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Non-nuclear energy

Key Advantages of Distributed Energy Resources

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What are the drivers for Distributed Generation?

The drivers for Distributed Generation (DG) are multiple and symbiotic, however all have their basis in the common concerns to use primary energy as efficiently as possible, with the least possible environmental impact whilst ensuring that energy supply is secure, safe and supplied at an agreed quality universally and at a competitive cost.

What are the key advantages of Distributed Generation?

  • DG covers a broad range of technologies, including many renewable technologies that provide small-scale power at sites close to users. Highly efficient combined heat and power (CHP) plants, back-up and peak load systems are providing increasing capacity. All these technologies offer new market opportunities and enhanced industrial competitiveness.
  • On site production minimizes the transmission and distribution losses as well as the transmission and distribution costs, a significant part (above 30%) of the total electricity cost.
  • DG helps to bypass ‘congestion’ in existing transmission grids. In addition, it enables the use of waste heat (via CHP) improving overall system efficiency.
  • As the demand for more and better quality electric power increases, DG can provide alternatives for reliable, cost-effective, premium power for homes and business.
    DG can provide customers with continuity and reliability of supply, when a power outage occurs at home or in the neighborhood, restoring power in a short time. In other words, convenience, security and peace of mind are potential major drivers after the several black outs experiences lately.
  • DG provides advantages also to customers with sizeable heat loads through the operation of CHP units and also to those with access to low cost fuels, for example landfill gas or local biofueland to those with favourable climatic conditions who can exploit renewable based units.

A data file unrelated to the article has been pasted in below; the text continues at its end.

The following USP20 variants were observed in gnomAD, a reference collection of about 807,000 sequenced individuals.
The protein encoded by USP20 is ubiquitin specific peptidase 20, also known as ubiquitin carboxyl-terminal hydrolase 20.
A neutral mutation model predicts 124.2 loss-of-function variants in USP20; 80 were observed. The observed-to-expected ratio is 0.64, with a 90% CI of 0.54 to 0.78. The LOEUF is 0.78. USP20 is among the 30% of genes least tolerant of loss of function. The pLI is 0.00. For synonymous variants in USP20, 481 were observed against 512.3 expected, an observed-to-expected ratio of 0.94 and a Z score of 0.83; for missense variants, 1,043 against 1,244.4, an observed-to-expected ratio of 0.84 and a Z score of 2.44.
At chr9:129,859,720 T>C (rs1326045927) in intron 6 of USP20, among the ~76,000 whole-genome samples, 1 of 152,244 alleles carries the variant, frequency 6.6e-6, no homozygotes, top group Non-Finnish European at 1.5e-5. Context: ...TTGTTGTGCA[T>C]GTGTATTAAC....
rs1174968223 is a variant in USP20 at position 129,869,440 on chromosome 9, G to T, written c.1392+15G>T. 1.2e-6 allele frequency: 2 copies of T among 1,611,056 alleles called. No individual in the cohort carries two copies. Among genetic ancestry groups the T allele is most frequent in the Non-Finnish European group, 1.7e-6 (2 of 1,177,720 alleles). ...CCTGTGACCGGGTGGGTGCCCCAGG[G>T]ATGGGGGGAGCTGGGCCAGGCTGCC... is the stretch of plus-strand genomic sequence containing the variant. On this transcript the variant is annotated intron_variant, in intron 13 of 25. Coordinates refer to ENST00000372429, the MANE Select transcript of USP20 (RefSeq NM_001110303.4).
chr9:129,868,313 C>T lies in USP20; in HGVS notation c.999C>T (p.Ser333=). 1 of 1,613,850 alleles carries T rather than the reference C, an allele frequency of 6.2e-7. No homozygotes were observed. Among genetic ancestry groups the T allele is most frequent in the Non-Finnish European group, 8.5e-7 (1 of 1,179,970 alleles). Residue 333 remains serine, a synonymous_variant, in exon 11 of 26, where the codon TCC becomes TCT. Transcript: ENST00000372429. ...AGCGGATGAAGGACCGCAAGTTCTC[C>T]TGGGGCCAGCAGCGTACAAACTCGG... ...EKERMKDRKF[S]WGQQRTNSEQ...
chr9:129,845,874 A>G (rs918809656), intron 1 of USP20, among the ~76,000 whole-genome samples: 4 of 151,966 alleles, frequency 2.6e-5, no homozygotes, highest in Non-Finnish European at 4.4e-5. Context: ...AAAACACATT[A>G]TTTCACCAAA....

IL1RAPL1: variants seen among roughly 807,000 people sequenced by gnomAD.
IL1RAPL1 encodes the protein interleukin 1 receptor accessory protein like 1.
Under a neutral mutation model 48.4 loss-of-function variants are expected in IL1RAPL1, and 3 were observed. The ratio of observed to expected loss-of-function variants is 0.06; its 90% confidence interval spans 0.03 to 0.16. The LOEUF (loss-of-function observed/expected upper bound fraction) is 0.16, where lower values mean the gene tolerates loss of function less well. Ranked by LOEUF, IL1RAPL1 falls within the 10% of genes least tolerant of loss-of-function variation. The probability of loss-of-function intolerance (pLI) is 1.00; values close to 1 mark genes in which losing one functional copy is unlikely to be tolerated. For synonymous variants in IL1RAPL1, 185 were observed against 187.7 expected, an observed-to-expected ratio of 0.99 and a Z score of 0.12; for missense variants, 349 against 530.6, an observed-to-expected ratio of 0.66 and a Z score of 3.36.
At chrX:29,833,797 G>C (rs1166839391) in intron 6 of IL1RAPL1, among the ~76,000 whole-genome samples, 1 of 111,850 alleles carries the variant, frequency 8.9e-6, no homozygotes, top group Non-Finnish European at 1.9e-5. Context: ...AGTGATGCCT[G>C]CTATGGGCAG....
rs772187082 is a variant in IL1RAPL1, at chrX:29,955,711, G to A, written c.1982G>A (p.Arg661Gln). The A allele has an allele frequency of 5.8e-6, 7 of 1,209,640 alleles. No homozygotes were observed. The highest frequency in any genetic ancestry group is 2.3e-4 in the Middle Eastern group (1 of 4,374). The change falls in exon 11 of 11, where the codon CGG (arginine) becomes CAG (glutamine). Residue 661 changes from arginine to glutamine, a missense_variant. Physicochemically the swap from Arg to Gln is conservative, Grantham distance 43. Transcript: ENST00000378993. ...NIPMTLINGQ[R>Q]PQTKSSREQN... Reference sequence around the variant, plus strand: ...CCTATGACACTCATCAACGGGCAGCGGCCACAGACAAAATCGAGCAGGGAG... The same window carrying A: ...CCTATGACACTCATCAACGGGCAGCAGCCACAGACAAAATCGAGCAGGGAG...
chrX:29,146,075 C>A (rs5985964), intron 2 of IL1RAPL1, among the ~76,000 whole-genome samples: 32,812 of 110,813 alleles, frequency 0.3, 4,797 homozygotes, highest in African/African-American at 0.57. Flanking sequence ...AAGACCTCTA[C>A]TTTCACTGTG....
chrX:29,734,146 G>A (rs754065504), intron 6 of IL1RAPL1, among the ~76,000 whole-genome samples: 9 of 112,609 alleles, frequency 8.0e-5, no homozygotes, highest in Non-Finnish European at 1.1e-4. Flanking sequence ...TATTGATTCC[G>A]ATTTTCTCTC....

• DG can also stimulate competition in supply; adjusting price via market forces. A DG operator can respond to price incentives reflecting fuel and electricity prices. In a free market environment DG operator can buy or sell power to the electricity grid - exporting only at peak demand and purchasing power at off-peak prices. DG can act as a physical ‘hedge’ against volatile electricity prices.
  • A liberalised market allows IPPs to contract with other producers and market actors for backup electricity, voltage or reactive power support, frequency responsive spinning reserve, black-start capabilities and other ancillary services.

DG can also offer additional value to the grid system operators by:

  • Deferral of upgrades to transmission and distribution systems.
  • Reduction of losses in the distribution system
  • Provision of network support or ancillary services
  • Wide scale use of RES will reduce fossil fuel consumption and GHG emissions as well as noxious emissions such as oxides of sulphur and nitrogen (SOx / NOx ) therefore benefiting the environment.
  • From an investment point of view it is generally easier to find sites for RES and other DG than for a large central power plant and such units can be brought online much more quickly. Capital exposure and risk is reduced and unnecessary capital expenditure avoided by matching capacity increase with local demand growth.
  • The increased penetration of RES and other DG, together with higher energy efficiency will help security of supply by reducing energy imports and building a diverse energy portfolio. 
  • The new technologies developed and the experience of implementing new energy management models will provide invaluable expertise and knowledge with immense export potential.

EU Policy towards the decentralised generation

  • Meeting Kyoto Objectives: 8% CO2 reduction between 2008 and 2012 compared to 1990 level
  • Liberalisation of internal market for electricity
  • Improving Energy Efficiency
  • Improving Security and Diversity of Supply
  • RES and CHP Directives
  • Towards the Hydrogen energy economy

 

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